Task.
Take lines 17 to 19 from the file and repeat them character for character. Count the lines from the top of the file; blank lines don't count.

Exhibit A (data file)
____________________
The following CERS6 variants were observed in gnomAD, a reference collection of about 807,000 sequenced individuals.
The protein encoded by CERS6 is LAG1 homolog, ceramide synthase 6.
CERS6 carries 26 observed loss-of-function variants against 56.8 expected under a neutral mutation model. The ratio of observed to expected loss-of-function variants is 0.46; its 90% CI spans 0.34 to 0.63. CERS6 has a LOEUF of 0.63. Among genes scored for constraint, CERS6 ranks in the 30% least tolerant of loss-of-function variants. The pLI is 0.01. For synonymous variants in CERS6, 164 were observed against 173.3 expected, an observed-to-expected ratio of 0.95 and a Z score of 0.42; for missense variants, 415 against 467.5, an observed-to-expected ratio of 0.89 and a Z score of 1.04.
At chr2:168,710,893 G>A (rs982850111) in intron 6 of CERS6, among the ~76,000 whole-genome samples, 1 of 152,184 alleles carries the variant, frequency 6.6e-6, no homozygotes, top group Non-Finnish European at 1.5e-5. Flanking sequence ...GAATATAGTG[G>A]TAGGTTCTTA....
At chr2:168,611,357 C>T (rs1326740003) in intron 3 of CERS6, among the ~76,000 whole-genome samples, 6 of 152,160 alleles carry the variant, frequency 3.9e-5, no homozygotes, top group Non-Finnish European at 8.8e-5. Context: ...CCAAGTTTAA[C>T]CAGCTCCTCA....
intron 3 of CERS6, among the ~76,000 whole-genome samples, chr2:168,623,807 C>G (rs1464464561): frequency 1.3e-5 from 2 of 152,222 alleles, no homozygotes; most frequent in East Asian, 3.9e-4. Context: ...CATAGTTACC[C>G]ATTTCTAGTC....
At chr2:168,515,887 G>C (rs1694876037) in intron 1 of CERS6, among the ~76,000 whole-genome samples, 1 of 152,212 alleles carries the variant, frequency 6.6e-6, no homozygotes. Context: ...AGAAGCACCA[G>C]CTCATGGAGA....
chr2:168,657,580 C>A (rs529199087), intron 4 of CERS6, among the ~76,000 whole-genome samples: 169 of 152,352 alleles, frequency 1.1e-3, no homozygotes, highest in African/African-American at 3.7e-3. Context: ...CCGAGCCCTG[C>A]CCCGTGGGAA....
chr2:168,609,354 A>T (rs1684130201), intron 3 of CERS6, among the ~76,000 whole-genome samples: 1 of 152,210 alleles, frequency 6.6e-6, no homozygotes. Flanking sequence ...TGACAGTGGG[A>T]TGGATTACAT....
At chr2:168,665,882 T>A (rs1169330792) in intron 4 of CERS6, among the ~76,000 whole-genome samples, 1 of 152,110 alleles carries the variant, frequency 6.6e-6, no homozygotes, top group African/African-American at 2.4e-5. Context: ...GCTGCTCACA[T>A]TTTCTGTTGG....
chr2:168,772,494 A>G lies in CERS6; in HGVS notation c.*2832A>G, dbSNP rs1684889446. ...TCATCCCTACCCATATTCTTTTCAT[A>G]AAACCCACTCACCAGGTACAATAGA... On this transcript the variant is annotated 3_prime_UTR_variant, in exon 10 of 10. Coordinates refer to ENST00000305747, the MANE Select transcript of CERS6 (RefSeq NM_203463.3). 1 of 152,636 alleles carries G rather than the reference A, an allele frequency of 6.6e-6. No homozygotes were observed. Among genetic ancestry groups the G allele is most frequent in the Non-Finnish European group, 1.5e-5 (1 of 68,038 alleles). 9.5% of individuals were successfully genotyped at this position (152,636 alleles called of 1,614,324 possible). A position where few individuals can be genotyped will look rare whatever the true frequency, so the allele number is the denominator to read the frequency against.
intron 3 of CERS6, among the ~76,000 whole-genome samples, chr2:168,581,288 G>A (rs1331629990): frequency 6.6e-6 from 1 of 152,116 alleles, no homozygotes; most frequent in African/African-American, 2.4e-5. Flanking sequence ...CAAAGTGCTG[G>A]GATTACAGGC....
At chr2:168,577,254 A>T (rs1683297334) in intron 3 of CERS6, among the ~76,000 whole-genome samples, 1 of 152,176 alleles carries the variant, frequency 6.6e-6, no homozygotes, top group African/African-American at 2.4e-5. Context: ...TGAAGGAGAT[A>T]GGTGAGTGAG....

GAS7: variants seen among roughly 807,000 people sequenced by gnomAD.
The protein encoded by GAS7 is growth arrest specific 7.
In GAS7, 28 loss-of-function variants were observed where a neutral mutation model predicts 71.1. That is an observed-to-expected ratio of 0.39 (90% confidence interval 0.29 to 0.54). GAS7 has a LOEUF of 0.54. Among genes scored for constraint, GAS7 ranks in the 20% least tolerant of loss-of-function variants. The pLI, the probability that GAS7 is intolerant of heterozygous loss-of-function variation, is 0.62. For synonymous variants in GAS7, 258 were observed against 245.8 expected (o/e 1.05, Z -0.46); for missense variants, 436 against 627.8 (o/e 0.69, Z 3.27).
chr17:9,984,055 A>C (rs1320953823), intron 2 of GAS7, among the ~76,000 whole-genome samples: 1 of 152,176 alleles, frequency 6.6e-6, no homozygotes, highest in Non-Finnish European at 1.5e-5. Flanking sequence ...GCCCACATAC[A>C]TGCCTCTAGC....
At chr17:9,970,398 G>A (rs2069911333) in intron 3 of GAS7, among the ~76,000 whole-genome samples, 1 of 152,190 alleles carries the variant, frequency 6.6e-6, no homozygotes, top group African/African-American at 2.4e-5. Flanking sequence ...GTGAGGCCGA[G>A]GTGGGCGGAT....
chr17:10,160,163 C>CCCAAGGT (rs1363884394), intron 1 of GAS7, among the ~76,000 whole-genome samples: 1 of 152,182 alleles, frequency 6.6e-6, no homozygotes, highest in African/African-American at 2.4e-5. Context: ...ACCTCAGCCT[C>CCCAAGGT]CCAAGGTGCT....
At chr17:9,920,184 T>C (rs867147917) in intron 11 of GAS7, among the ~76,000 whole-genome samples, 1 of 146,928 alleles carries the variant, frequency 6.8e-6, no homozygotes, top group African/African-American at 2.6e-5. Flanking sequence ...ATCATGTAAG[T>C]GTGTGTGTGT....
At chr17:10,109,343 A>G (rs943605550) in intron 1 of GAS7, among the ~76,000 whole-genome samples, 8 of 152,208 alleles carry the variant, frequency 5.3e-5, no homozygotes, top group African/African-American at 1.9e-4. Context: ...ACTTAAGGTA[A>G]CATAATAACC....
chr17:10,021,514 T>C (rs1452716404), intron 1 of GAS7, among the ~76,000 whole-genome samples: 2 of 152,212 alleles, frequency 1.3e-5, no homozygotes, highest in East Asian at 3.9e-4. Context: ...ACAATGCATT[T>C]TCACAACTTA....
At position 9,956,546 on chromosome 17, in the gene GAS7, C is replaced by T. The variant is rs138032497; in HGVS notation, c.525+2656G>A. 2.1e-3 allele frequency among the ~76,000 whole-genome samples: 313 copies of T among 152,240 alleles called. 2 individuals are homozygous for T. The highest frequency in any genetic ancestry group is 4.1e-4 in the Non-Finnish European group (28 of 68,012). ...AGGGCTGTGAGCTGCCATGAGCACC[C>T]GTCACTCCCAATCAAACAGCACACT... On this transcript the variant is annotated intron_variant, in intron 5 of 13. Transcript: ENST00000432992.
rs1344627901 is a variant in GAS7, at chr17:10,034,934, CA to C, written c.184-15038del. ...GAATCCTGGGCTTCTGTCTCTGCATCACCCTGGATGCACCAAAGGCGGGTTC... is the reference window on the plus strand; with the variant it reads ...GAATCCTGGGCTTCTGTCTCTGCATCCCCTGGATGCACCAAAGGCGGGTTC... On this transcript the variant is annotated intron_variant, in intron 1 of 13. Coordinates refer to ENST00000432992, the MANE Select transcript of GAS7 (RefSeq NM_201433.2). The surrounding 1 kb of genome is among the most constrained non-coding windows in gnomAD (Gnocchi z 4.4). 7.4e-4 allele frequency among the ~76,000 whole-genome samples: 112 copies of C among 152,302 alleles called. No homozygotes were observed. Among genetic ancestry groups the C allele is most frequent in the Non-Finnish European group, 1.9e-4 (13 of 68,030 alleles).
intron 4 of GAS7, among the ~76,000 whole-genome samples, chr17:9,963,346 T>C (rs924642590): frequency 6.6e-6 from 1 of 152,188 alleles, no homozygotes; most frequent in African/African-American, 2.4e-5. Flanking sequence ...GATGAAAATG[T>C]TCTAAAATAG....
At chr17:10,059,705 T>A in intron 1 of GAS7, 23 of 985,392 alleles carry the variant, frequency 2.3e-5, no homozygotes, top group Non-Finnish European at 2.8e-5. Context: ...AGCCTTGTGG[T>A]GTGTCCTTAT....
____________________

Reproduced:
chr17:9,984,055 A>C (rs1320953823), intron 2 of GAS7, among the ~76,000 whole-genome samples: 1 of 152,176 alleles, frequency 6.6e-6, no homozygotes, highest in Non-Finnish European at 1.5e-5. Flanking sequence ...GCCCACATAC[A>C]TGCCTCTAGC....
At chr17:9,970,398 G>A (rs2069911333) in intron 3 of GAS7, among the ~76,000 whole-genome samples, 1 of 152,190 alleles carries the variant, frequency 6.6e-6, no homozygotes, top group African/African-American at 2.4e-5. Flanking sequence ...GTGAGGCCGA[G>A]GTGGGCGGAT....
chr17:10,160,163 C>CCCAAGGT (rs1363884394), intron 1 of GAS7, among the ~76,000 whole-genome samples: 1 of 152,182 alleles, frequency 6.6e-6, no homozygotes, highest in African/African-American at 2.4e-5. Context: ...ACCTCAGCCT[C>CCCAAGGT]CCAAGGTGCT....